What’s All the Fuss About Midterm elections?

 [Hammond]-U.S. midterm voters choose who makes decisions that touch millions of American lives. These issues range from taxes and national security, to social security benefits and medicare. So why are midterm elections so important?

 With elections looming around the corner, voters will help determine whether Republicans or Democrats will run the House and the Senate. The party in power in each house runs the committees, the most powerful organizations in Congress. Committee members control which bills come to a vote, and that means the bills that committees approve could directly affect you.

After the elections on Tuesday, GOP might capture the house, which means Obama’s agenda may be in jeopardy.

Senior education major Krista Combs says, “Maybe if the GOP takes over the House, people will start being held responsible for their own actions instead of waiting on government bailouts!”

Perhaps the most important issue for college students surrounds the higher education budget cuts. Many students across the country are asking how does it affect them? 

 Lately tuition at colleges and universities has sky-rocketed as the recession has taken its toll on the states. Schools have responded by increasing fees, canceling classes, cutting student programs and laying professors off. Students around campus are definitely voicing their opinions and planning a rally to raise awareness to this problem.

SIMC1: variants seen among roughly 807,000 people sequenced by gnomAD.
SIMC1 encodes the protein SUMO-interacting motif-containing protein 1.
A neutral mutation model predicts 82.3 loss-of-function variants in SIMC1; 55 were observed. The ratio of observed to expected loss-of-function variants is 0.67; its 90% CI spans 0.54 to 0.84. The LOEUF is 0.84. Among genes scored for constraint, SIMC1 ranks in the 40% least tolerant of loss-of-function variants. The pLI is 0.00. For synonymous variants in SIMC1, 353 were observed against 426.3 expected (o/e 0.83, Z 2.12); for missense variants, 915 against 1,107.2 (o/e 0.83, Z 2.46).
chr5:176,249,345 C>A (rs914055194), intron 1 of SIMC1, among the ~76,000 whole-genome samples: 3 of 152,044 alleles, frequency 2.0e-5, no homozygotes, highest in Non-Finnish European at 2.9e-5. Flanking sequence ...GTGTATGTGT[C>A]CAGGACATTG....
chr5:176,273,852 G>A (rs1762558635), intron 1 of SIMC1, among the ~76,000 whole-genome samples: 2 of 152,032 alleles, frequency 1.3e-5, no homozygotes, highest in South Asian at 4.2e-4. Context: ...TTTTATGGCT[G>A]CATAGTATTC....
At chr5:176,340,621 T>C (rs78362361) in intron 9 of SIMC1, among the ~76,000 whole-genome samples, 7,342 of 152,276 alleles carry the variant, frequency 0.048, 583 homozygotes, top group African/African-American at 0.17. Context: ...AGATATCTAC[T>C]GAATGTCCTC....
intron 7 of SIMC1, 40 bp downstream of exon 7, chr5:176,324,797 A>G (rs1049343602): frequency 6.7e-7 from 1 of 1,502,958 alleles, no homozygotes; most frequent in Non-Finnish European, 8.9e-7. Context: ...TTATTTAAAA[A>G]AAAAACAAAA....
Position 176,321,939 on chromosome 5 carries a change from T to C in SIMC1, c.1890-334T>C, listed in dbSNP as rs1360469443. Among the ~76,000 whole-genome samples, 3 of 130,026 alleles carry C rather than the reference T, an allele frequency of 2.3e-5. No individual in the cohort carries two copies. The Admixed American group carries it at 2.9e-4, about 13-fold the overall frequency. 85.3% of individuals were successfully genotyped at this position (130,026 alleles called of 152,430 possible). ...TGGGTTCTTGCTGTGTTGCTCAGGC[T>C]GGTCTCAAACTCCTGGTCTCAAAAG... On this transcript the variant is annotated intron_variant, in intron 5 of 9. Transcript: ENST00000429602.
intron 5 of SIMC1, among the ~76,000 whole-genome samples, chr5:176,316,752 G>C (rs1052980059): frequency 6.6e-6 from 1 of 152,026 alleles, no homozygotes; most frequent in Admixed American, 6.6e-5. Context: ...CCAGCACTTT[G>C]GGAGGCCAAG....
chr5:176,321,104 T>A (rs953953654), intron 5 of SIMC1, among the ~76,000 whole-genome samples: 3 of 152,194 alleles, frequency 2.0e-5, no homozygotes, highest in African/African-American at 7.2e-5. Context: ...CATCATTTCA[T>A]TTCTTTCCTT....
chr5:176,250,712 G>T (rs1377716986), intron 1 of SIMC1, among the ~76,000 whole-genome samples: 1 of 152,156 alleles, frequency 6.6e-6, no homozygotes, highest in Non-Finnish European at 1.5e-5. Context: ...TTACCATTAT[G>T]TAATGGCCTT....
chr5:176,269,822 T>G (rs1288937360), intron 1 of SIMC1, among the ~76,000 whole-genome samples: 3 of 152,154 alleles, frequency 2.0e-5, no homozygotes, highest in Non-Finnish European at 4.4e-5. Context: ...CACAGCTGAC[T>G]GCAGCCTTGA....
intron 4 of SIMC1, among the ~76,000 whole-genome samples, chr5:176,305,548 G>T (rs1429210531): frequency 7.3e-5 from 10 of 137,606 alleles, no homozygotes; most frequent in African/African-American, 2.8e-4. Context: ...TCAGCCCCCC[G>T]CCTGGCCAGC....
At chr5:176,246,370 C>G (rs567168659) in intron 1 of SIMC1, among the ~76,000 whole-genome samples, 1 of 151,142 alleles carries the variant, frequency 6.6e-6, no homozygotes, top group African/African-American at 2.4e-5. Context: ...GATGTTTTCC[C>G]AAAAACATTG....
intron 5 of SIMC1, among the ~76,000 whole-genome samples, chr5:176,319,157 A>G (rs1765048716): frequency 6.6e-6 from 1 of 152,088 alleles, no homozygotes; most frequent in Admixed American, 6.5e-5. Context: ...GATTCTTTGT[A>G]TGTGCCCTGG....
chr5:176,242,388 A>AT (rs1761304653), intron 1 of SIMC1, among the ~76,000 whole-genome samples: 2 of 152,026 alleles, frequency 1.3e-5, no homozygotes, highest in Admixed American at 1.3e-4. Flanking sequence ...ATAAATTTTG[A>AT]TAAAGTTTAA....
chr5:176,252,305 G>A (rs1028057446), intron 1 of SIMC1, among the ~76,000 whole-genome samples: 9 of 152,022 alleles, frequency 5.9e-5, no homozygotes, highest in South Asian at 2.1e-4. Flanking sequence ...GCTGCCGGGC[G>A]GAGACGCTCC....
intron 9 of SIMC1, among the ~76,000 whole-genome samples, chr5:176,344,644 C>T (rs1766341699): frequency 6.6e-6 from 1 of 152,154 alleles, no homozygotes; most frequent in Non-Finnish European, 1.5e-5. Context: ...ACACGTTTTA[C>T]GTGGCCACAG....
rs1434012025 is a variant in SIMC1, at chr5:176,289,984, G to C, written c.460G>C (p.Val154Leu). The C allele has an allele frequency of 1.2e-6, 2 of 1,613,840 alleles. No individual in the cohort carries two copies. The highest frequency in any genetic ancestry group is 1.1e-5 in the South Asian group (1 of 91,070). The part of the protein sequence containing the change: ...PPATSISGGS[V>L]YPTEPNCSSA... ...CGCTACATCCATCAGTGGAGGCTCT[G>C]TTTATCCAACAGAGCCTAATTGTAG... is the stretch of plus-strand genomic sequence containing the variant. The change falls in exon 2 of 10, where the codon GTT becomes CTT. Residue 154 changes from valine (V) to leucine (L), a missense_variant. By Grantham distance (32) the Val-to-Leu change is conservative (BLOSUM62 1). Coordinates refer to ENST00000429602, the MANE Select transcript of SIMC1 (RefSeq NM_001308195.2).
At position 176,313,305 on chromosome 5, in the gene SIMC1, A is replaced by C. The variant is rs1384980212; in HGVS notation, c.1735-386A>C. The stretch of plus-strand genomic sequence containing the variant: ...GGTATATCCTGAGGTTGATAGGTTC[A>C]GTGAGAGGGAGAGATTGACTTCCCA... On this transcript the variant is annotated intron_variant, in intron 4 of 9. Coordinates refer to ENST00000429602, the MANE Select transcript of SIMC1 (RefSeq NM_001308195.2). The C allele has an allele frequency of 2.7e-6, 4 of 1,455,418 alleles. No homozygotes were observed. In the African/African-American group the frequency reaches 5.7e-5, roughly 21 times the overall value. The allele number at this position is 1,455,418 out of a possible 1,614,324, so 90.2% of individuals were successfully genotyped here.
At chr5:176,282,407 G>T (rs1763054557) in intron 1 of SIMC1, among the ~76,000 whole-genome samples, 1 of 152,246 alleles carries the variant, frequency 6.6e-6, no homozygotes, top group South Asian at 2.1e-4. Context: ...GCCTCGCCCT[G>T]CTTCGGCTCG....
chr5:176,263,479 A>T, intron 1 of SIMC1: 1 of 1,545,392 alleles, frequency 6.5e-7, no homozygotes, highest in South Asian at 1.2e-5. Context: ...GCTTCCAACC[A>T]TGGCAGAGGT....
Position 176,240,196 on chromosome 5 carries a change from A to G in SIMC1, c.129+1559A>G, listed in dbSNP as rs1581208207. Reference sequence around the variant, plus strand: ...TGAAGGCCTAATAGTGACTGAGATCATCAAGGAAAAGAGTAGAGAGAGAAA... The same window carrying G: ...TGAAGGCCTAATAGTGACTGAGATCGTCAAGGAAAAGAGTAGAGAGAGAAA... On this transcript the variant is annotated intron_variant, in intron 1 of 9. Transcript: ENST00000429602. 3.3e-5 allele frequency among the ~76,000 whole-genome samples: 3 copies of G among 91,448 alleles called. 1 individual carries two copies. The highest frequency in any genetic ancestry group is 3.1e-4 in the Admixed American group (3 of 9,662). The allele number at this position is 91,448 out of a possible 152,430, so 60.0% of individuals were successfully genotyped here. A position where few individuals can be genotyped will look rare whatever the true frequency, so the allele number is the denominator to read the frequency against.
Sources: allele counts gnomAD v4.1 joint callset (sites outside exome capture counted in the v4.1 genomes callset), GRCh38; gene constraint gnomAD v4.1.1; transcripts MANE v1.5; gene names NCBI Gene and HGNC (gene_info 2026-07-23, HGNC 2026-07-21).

Southeastern student Andrew Sylvest says, “Jindal is only allowed to cut education and healthcare. It is better for the state for the education to lack than it is for massive healthcare cuts and people to get sick and die. The only way to fix that mess is to repeal the Stelley Plan and change the laws where budget can be cut across the board instead of just healthcare and education.”

The Stelley Plan reduces or shifts state sales tax on food for home consumption and utilities to increase state income taxes.

” I don’t think it will affect education regardless of who controls the House. They are all so worried about the economy and trying to get elected and re-elected that education has been forgotten until unemployment numbers get better and people are happier about the economy,” Sylvest says.

The constitution states that the U.S. House districts be adjusted every decade to ensure equal representation based on population shifts. It is based on the Census done every 10 years. When a state has to change even one seat, all the districts in the entire state have to be redrawn. This helps to ensure that every member of the House has an equal population district. This election, Louisiana will lose one seat.

 Sophmore student Zach Ledet says, “More items are accomplished when there is a large majority in DC. there is less to argue about and more things happen for the country. It is up to the voters to create a 360 party effect if they want to see what one party has accomplished deleted. Education is a state problem, not a federal problem, unless large amounts of money is allocated toward Louisiana education, which is unlike the GOP.  We have to rely on guys like the Governor to stop asking the Louisiana education system screw us over.”

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